Voices of our Generation: The GOP is Losing Me
by Allan Joseph | University of Notre Dame
If you know my opinions on any of the recent debt-limit negotiations (if you want to call them that), you might be surprised at what I’m about to say.
I wish I could vote Republican.
That’s right. I’m a moderate, but my vision for America looks a lot like what Mitt Romney used to envision when he governed Massachusetts: a socially tolerant nation that used market-based solutions to solve its most pressing moral issues–and a nation that relied on facts, reason and collegial debate to get there. That’s what the GOP used to stand for. But recently, their denial and stubbornness has been shameful.
First it was global warming. When every Econ 101 textbook used a cap-and-trade scheme to put the market toward solving societal problems, the purported defenders of that same free-market theory instead buried their heads in the sand, ignored evidence and cried “Socialism!”
Then it was the healthcare bill. Rather than accepting that major reform was needed and meaningfully participating in a rational debate, the original inventors of the individual mandate refused to acknowledge that the Affordable Care Act was filled with Republican ideas–so much so that many Democrats only begrudgingly accepted the bill–and instead cried “Socialism!”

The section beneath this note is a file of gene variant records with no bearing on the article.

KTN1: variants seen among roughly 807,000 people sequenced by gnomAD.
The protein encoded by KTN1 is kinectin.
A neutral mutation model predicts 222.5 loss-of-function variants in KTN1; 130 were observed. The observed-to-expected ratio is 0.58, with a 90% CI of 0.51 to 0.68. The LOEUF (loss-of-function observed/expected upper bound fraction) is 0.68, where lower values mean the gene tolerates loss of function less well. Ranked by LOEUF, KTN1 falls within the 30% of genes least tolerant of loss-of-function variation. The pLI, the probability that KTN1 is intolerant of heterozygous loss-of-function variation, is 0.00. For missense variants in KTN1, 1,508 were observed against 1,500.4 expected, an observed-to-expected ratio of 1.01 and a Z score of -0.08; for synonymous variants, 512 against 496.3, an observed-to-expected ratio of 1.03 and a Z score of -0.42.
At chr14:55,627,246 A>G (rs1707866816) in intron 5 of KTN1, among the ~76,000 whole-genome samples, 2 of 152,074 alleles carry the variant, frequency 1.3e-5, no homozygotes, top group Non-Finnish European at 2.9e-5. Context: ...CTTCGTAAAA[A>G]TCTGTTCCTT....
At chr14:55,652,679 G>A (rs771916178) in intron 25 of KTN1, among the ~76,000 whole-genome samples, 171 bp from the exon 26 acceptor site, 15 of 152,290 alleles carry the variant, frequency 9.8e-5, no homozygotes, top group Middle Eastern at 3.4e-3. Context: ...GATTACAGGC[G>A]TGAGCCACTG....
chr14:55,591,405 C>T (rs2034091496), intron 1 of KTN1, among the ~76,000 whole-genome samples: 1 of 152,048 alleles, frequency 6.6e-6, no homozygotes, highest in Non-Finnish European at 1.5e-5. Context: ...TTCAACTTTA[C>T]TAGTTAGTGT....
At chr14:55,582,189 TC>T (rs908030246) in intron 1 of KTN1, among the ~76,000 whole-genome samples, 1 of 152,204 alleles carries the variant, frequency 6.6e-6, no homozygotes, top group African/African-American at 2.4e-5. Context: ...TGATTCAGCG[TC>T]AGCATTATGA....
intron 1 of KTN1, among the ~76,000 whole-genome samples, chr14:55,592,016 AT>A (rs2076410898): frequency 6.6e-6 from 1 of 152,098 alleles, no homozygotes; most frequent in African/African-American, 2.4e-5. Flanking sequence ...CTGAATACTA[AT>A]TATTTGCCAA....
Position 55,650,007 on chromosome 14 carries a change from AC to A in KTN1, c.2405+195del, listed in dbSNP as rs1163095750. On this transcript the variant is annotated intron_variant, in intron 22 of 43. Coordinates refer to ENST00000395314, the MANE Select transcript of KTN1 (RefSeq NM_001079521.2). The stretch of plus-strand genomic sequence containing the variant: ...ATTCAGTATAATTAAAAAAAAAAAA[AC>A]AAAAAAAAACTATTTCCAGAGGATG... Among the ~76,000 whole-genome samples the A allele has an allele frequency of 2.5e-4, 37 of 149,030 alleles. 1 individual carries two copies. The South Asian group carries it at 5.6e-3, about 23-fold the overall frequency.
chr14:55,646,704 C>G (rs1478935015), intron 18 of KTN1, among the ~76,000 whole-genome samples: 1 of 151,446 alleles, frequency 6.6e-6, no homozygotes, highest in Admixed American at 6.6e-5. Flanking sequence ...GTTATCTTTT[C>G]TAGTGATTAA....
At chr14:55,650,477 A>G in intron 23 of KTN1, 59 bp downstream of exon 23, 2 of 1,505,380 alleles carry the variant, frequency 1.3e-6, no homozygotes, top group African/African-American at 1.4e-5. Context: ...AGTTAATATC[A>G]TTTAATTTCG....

Now it’s the debt-limit debate. Instead of admitting the simple fact that a failure to raise the debt ceiling would be nothing short of disastrous (which conservative economists firmly believe), many Republicans–including one who has a real shot at the presidential nomination–truly believe that inaction would be beneficial for the country, despite what the chairman of the Federal Reserve and the Secretary of the Treasury say. They honestly think they know better than economists who have devoted their lives to the study of macroeconomics.
The ones who actually wanted to make a deal to raise the debt limit refused to accept deals far more conservative than the ones their so-called hero Ronald Reagan once signed (including a deal called the “mother of all no-brainers”). Speaker John Boehner and Majority Leader Eric Cantor have refused to yield even symbolic tax increases to the President while accusing him of being inflexible. What’s worse, the self-proclaimed defenders of the free market refused to correct harmful distortions by flattening the tax code to earn political points… that are nowhere to be found, even among their own base. And still, they cry “Socialism!”
Now the Republicans have pushed the country to the brink of the most avoidable economic disaster in recent history. They have refused to govern responsibly even when America gave them power; they would rather pander and mislead. The Grand Old Party has produced some of this country’s greatest presidents: Abraham Lincoln and Ronald Reagan come to mind for me. But while the Republicans continue to exalt their heroes of the past, they don’t see what defined those men. Lincoln didn’t rigidly and reflexively defend the Constitution–he suspended habeas corpus. Reagan didn’t dismiss tax increases out of hand–just the opposite. He enacted quite a few of them. These men were pragmatists. They took the facts as they were and did their best to solve the country’s problems. That spirit is completely missing from today’s conservatism.
I don’t particularly like the Democrats either, but I’m afraid the Republicans have left me no choice. They should be afraid that my generation agrees with me.Allan Joseph is a sophomore Economics and Pre-medical student at the University of Notre Dame. He covers healthcare, the economy, and occasionally, college sports for NextGen Journal.